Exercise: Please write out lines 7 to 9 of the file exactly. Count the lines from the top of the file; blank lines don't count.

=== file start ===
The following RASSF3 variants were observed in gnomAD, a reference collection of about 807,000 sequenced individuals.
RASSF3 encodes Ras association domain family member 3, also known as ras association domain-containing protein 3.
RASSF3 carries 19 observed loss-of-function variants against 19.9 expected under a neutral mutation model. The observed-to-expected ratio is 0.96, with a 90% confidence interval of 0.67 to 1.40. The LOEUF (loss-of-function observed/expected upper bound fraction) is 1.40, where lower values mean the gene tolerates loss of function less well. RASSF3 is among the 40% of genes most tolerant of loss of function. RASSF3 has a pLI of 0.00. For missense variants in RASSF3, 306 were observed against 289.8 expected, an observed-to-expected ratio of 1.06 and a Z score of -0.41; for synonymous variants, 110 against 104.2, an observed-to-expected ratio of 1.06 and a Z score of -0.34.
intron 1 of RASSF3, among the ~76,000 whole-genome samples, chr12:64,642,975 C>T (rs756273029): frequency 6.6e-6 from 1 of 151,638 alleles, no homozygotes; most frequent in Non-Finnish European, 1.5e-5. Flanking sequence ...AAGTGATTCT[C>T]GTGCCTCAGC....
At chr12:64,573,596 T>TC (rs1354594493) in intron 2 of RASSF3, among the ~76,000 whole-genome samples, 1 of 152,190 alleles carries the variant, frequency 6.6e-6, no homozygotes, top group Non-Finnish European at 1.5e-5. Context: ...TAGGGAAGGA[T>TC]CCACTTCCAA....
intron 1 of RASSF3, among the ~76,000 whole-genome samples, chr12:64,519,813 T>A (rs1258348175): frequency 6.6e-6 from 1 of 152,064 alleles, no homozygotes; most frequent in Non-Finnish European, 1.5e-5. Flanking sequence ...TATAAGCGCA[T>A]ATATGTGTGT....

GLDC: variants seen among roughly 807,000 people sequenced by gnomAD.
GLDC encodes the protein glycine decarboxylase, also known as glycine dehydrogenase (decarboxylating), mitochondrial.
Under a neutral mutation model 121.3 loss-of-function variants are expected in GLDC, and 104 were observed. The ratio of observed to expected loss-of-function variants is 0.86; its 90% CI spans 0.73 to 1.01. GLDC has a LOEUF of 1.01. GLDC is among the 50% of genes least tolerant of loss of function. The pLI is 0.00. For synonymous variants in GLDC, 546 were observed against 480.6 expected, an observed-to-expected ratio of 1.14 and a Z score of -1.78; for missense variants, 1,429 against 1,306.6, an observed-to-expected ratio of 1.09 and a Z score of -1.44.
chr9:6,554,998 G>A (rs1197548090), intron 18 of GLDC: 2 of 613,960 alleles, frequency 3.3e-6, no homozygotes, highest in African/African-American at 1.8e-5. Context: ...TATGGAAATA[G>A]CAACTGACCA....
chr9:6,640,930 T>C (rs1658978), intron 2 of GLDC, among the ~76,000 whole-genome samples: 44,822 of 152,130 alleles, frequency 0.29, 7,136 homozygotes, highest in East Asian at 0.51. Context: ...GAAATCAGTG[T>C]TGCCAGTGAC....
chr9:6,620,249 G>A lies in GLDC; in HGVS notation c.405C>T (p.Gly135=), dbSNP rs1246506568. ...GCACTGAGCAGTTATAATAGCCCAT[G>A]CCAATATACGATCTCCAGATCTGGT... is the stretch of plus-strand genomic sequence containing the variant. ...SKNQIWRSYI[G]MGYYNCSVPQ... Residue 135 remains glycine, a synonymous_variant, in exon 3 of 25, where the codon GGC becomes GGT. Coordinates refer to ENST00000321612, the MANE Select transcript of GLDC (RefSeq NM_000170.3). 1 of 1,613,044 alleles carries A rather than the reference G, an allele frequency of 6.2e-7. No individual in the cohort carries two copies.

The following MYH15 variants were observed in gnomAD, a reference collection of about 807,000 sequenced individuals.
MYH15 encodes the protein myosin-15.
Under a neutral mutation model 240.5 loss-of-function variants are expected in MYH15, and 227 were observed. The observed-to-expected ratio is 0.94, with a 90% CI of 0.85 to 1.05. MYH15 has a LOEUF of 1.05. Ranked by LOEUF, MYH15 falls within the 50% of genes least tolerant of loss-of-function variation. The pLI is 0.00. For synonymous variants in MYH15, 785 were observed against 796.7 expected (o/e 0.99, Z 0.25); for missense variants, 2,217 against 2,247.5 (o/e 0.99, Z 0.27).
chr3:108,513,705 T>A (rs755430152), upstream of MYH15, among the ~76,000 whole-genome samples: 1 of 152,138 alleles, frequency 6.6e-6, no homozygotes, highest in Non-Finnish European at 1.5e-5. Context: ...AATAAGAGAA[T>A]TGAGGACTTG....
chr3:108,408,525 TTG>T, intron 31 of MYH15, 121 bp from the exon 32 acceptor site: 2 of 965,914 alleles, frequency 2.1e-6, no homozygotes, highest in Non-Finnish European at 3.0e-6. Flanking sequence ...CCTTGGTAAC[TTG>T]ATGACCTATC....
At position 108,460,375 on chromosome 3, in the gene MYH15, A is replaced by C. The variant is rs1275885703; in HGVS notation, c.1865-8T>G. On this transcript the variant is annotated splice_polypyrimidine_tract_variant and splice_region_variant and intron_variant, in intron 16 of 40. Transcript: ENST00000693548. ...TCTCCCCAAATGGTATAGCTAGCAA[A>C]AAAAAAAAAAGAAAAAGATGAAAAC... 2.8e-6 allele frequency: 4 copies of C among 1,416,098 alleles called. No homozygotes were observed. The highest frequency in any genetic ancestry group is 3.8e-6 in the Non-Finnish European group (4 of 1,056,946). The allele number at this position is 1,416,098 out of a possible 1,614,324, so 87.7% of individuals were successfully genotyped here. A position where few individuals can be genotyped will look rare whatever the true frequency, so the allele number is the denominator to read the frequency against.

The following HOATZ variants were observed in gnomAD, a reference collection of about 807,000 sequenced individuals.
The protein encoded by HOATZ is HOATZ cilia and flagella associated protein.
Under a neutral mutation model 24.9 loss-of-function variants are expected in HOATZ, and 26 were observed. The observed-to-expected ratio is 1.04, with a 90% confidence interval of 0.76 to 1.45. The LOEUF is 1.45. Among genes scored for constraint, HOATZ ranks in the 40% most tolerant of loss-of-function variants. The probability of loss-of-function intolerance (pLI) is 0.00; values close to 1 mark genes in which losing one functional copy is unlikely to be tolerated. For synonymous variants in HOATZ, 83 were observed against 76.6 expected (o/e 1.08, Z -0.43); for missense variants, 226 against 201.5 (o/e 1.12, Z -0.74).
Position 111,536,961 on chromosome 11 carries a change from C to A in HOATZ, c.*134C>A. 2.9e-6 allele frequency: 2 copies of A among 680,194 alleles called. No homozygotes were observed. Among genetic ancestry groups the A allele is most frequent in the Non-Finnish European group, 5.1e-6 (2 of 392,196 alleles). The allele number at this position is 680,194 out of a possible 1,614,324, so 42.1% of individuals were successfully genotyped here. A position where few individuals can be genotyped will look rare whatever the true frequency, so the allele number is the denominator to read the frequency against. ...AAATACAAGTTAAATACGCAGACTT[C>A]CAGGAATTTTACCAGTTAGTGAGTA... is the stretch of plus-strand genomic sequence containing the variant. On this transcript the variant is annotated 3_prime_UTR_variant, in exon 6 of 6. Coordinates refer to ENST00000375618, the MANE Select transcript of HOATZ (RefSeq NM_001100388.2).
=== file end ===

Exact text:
GLDC: variants seen among roughly 807,000 people sequenced by gnomAD.
GLDC encodes the protein glycine decarboxylase, also known as glycine dehydrogenase (decarboxylating), mitochondrial.
Under a neutral mutation model 121.3 loss-of-function variants are expected in GLDC, and 104 were observed. The ratio of observed to expected loss-of-function variants is 0.86; its 90% CI spans 0.73 to 1.01. GLDC has a LOEUF of 1.01. GLDC is among the 50% of genes least tolerant of loss of function. The pLI is 0.00. For synonymous variants in GLDC, 546 were observed against 480.6 expected, an observed-to-expected ratio of 1.14 and a Z score of -1.78; for missense variants, 1,429 against 1,306.6, an observed-to-expected ratio of 1.09 and a Z score of -1.44.